Paris Photo LA and ‘Alphaville’ open, COLCOA continues

Besides the superb French films showing at the COLCOA Film Festival (see item below), there is much going on in Los Angeles this weekend.

Paris Photo Los Angeles runs Friday, April 25, to Sunday, April 27, at Paramount Pictures Studios. The fair will host more than 80 leading art galleries and book dealers from 18 countries. They will set up on Paramount’s famed soundstages and New York street backlot.

Detail of two bullet holes in car window, 1942 ©LAPD /Image courtesy of fototeka

Detail of two bullet holes in car window, 1942 ©LAPD /Image courtesy of fototeka

New this year is UNEDITED!, a program that unveils unedited or rarely seen photographic material. The program draws from the LAPD Photo Archives, a curated selection of unseen police photographs.

Alphaville posterThe new digital restoration of “Alphaville,” Jean-Luc Godard’s science fiction/film noir thriller, opens Friday, April 25, at the Nuart Theatre in Los Angeles. Set in a dystopian future controlled by a computer known as Alpha 60, “Alphaville” stars Eddie Constantine as Lemmy Caution, the quintessential hard-boiled ’50s private eye. Anna Karina (Godard’s wife and muse, and star of “Band of Outsiders” and “Pierrot Le Fou”) plays the femme fatale.

“Alphaville” is showing at the Nuart Theatre, 11272 Santa Monica Blvd., Los Angeles, through Thursday, May 1.

And more big-screen news: Click here to read about LA’s downtown theaters regaining their allure.   

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Film noir greats ‘Shadow of a Doubt,’ In a Lonely Place,’ Double Indemnity’ and more on the big screen in LA

By Film Noir Blonde and Michael Wilmington

Shadow of a Doubt” (1943, Alfred Hitchcock) is the 1 p.m. matinee Tuesday, Feb. 4, at the Los Angeles County Museum of Art (LACMA).

A bright and beautiful small town girl named Charlotte “Charlie” Newton (Teresa Wright) is bored. Bored with her well-ordered home in her Norman Rockwellish little city of Santa Rosa, Calif., – where trees line the sunlit streets, everyone goes to church on Sunday and lots of them read murder mysteries at night. Charlie has more exotic dreams. She adores her globe-trotting, urbane Uncle Charlie Oakley (Joseph Cotten) – for whom she was nicknamed – and is deliriously happy when he shows up in Santa Rosa for a visit.

Joseph Cotten and Teresa Wright play kindred spirits, sort of, in “Shadow.”

Joseph Cotten and Teresa Wright play kindred spirits, sort of, in “Shadow.”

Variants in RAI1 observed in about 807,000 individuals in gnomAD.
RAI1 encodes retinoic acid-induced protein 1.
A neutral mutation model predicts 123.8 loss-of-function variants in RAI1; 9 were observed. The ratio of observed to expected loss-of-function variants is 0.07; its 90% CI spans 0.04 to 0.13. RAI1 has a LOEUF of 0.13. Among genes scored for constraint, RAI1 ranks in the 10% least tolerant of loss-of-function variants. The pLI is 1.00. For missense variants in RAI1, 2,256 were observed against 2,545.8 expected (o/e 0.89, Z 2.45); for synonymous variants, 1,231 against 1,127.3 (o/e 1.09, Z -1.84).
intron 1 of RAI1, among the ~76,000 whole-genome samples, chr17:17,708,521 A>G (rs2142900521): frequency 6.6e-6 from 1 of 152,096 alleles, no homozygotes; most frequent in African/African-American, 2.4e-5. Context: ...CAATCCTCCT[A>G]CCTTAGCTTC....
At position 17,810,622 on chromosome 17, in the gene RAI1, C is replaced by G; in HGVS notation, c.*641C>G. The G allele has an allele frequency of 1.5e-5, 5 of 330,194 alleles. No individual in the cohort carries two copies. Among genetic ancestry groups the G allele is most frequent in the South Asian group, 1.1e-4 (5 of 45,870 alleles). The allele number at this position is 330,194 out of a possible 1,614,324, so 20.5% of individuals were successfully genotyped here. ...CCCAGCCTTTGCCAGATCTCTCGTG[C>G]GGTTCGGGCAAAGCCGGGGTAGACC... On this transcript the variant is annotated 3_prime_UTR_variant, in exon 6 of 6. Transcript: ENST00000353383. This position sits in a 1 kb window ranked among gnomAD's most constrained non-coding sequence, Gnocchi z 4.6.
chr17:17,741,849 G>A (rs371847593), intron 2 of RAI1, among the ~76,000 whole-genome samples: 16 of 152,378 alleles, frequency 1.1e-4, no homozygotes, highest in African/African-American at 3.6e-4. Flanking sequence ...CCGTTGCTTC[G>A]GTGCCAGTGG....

But Uncle Charlie has some secrets that no one in his circle would guess – not Uncle Charlie’s adoring sister (Patricia Collinge), nor his good-hearted brother-in-law (Henry Travers), nor their mystery-loving neighbor Herbie (Hume Cronyn), nor Charlie herself. Uncle Charlie, who conceals a darker personality and profession beneath his charming persona, is on the run, pursued by a dogged police detective (Macdonald Carey), who suspects him of being a notorious serial killer who seduces rich old widows and kills them for their money. As handsome, cold-blooded Uncle Charlie, Cotten, who also called “Shadow” his personal favorite film, is, with Robert Walker and Anthony Perkins, one of the three great Hitchcockian psychopaths.

“Shadow of a Doubt,” released in 1943, was Hitchcock’s sixth American movie and the one he often described as his favorite. As he explained to François Truffaut, this was because he felt that his critical enemies, the “plausibles,” could have nothing to quibble about with “Shadow.” It was written by two superb chroniclers of Americana, Thornton Wilder (“Our Town”) and Sally Benson (“Meet Me in St. Louis”), along with Hitch’s constant collaborator, wife Alma Reville. The result is one of the supreme examples of Hitchcockian counterpoint: with a sunny, tranquil background against which dark terror erupts.

Barbara Stanwyck book

On Thursday night at 7:30 p.m., the American Cinematheque presents a Nicholas Ray night at the Egyptian Theatre in Hollywood: “Johnny Guitar,” starring Joan Crawford and Sterling Hayden, and “In a Lonely Place,” starring Humphrey Bogart and Gloria Grahame. As Jean-Luc Godard said: “Nicholas Ray is the cinema.” And speaking of Godard, the AC’s Aero Theatre is hosting a Godard retrospective, starting Feb. 20.

Femmes fatales don’t particularly like birthdays, but here’s an exception:  “Double Indemnity” turns 70 this year! Did you know Raymond Chandler made a cameo in the film? Read the story here.

And be sure to attend on Sunday, Feb. 9, at the Aero Theatre in Santa Monica: Barbara Stanwyck biographer Victoria Wilson will sign her book and introduce a screening of “Double Indemnity” and “The Bitter Tea of General Yen.” The signing starts at 6:30 p.m. and the show starts at 7:30 p.m.

Wilson has two other signings coming up; for details, call Larry Edmunds Bookshop at 323-463-3273.

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The Noir File: Early Germanic examples, a wicked Western and noir through New Wave eyes

By Michael Wilmington and Film Noir Blonde

The Noir File is FNB’s weekly guide to classic film noir, neo-noir and pre-noir on cable TV. All the movies below are from the current schedule of Turner Classic Movies (TCM), which broadcasts them uncut and uninterrupted. The times are Eastern Standard and (Pacific Standard).

CO-PICKS OF THE WEEK

Breathless” (1960, Jean-Luc Godard). Thursday, Nov. 8, 6 p.m. (5 p.m.)